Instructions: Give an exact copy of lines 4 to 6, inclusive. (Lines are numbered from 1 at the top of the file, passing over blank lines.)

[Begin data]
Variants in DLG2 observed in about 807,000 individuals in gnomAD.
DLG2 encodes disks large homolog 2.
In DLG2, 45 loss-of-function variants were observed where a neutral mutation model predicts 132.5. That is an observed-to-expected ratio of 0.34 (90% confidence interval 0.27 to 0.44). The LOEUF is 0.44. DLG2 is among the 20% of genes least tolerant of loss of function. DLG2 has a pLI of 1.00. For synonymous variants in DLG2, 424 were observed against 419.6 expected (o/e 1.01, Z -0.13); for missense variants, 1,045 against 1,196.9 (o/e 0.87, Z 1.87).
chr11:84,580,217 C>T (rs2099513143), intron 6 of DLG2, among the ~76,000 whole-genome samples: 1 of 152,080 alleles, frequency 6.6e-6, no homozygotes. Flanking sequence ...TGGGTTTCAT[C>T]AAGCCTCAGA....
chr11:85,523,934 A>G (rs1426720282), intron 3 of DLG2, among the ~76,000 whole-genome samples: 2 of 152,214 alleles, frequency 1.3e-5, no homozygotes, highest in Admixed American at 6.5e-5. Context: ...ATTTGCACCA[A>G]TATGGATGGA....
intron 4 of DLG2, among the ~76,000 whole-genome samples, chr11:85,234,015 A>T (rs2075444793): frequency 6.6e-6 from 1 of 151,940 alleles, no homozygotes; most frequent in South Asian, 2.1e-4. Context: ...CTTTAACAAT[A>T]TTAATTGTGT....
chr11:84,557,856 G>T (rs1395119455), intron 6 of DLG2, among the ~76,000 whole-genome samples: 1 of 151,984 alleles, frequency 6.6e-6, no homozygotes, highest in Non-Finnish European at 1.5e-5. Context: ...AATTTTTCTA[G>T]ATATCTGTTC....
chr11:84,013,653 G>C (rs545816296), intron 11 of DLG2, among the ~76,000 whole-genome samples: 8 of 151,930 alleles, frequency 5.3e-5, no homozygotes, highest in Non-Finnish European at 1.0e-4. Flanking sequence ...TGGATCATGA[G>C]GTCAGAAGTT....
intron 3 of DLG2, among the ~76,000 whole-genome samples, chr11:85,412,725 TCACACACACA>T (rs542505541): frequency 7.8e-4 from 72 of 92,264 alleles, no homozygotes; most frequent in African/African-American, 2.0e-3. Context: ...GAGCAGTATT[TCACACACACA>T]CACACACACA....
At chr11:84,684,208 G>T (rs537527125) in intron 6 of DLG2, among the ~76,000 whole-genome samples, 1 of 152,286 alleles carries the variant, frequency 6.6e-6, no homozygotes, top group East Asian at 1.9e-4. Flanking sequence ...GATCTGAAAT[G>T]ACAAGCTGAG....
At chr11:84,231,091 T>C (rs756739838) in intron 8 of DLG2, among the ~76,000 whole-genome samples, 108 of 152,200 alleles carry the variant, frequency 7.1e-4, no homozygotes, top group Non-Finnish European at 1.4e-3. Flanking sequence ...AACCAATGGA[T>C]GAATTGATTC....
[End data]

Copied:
chr11:84,580,217 C>T (rs2099513143), intron 6 of DLG2, among the ~76,000 whole-genome samples: 1 of 152,080 alleles, frequency 6.6e-6, no homozygotes. Flanking sequence ...TGGGTTTCAT[C>T]AAGCCTCAGA....
chr11:85,523,934 A>G (rs1426720282), intron 3 of DLG2, among the ~76,000 whole-genome samples: 2 of 152,214 alleles, frequency 1.3e-5, no homozygotes, highest in Admixed American at 6.5e-5. Context: ...ATTTGCACCA[A>G]TATGGATGGA....
intron 4 of DLG2, among the ~76,000 whole-genome samples, chr11:85,234,015 A>T (rs2075444793): frequency 6.6e-6 from 1 of 151,940 alleles, no homozygotes; most frequent in South Asian, 2.1e-4. Context: ...CTTTAACAAT[A>T]TTAATTGTGT....